Predicting Soybean Growth and Drought Survival with Genetics

Jim Crocker
11th March, 2024

Predicting Soybean Growth and Drought Survival with Genetics

Image Source: Natural Science News, 2024

Key Findings

  • Tokyo researchers developed models to predict soybean growth using genetic and environmental data
  • The models, using aerial drones, showed how soybeans react to drought by analyzing canopy area and height
  • While not more accurate than single-trait predictions, the models revealed how genetics and environment interact, especially in later growth stages
Understanding the intricacies of plant growth and how it interacts with the environment is crucial for improving crop yields and breeding more resilient plants. A recent study from The University of Tokyo[1] has developed models that aim to predict daily growth in soybeans by considering both genetic makeup and environmental factors. This research builds upon previous attempts to understand plant growth, integrating modern technology and statistical methods to offer a more nuanced view of how soybeans grow under different conditions. Soybean cultivation is a significant agricultural activity worldwide, but it faces challenges such as drought stress, which can severely impact growth and yield. To address this, scientists have turned to high-throughput phenotyping systems, which allow for the rapid assessment of plant characteristics over time. These systems have become more accessible thanks to advancements in technology, such as unmanned aerial vehicles (UAVs) that can capture detailed growth data from above the fields[2][3]. The study in question applied a novel approach to this problem by using a reaction norm model, which is a way of quantifying how different genotypes respond to varying environmental conditions. This model was specifically designed to analyze plant growth data and included sophisticated statistical tools like spline and random forest models. These tools help to break down complex data into understandable patterns, allowing researchers to see how daily growth is influenced by the environment of the previous day. Researchers focused on soybean canopy area and height, essential indicators of overall plant health and productivity. They measured these traits in 198 different soybean cultivars using UAVs and then analyzed how the plants reacted to various levels of drought stress. Soil moisture was tracked to provide a detailed picture of the environmental conditions affecting the plants. The models' performance was assessed through cross-validation schemes, which are methods to evaluate how well a predictive model will perform in practice. While the accuracy of these new models did not exceed that of single-trait genomic prediction, which looks at one characteristic at a time, they showed promise in capturing the genotype-by-environment (G × E) interactions, particularly during the later growth stages when using the random forest model[4]. One of the key findings was the ability to visualize significant variations in G × E interactions for canopy height during the early growth period, using the spline model. This visualization is a step forward in understanding how different genetic factors respond to environmental stresses at various plant growth stages. It's important to note that the integration of environmental data, like weather conditions, has been previously explored. However, incorporating such data directly into G × E models has not always improved predictive ability[4]. This study's approach represents an evolution in modeling plant growth, aiming to connect environmental conditions with plant development more effectively. Moreover, the study aligns with broader research efforts to tackle the challenges of climate change and the complex interactions between genotype, environment, and management (G × E × M)[5]. As climate change introduces new variables into the agricultural equation, models that can predict plant growth and yield in a changing world become increasingly valuable. In conclusion, the research from The University of Tokyo contributes to the ongoing effort to optimize crop breeding and management strategies. By applying cutting-edge statistical models to high-resolution growth data, the study offers insights into the dynamic relationship between a plant's genetic makeup and its environment. While there is still room for improvement in predictive accuracy, these models represent a significant step toward more resilient and productive crops in the face of environmental challenges.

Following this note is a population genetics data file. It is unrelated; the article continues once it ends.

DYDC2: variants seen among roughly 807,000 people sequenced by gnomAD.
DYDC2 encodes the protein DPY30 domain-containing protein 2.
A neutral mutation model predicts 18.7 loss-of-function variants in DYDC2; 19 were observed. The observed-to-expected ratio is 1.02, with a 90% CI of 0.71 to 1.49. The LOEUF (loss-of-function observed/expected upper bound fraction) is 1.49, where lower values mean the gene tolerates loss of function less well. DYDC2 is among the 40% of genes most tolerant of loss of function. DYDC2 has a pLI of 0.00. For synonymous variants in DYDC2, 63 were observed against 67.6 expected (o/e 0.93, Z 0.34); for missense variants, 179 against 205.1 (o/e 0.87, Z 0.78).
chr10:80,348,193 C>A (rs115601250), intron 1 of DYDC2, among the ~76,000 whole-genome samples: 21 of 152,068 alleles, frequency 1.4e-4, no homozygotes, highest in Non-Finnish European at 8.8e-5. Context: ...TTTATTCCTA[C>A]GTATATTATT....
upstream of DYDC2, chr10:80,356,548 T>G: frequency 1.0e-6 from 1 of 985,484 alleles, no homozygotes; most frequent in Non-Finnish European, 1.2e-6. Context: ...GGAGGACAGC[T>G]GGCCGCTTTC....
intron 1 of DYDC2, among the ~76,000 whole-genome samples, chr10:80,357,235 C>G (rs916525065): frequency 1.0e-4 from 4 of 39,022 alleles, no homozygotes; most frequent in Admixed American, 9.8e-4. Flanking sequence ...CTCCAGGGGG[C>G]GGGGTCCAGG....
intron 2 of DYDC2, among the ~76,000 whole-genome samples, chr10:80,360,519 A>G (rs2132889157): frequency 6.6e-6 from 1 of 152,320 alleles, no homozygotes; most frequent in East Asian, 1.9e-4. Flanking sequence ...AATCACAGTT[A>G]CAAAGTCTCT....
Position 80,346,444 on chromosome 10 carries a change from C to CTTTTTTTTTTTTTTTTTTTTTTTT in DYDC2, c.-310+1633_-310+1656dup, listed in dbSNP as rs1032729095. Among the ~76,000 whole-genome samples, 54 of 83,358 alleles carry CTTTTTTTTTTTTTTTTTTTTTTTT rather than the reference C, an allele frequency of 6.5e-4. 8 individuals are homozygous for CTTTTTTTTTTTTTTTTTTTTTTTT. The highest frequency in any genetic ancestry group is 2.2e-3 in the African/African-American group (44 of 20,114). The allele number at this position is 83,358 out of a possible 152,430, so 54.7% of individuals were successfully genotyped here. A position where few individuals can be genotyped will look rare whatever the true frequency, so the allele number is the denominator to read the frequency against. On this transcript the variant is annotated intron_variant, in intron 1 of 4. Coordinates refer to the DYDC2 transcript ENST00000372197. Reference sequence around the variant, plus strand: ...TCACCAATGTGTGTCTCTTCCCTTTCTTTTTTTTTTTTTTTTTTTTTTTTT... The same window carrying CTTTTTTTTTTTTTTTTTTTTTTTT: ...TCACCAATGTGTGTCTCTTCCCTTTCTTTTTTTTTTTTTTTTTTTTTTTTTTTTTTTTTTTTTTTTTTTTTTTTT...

GeneticsPlant ScienceAgriculture

References

Main Study

1) Reaction norm for genomic prediction of plant growth: modeling drought stress response in soybean.

Published 9th March, 2024

https://doi.org/10.1007/s00122-024-04565-5


Related Studies

2) Genomic Prediction of Green Fraction Dynamics in Soybean Using Unmanned Aerial Vehicles Observations.

https://doi.org/10.3389/fpls.2022.828864


3) Genomic prediction modeling of soybean biomass using UAV-based remote sensing and longitudinal model parameters.

https://doi.org/10.1002/tpg2.20157


4) Utility of Climatic Information via Combining Ability Models to Improve Genomic Prediction for Yield Within the Genomes to Fields Maize Project.

https://doi.org/10.3389/fgene.2020.592769


5) Tackling G × E × M interactions to close on-farm yield-gaps: creating novel pathways for crop improvement by predicting contributions of genetics and management to crop productivity.

https://doi.org/10.1007/s00122-021-03812-3



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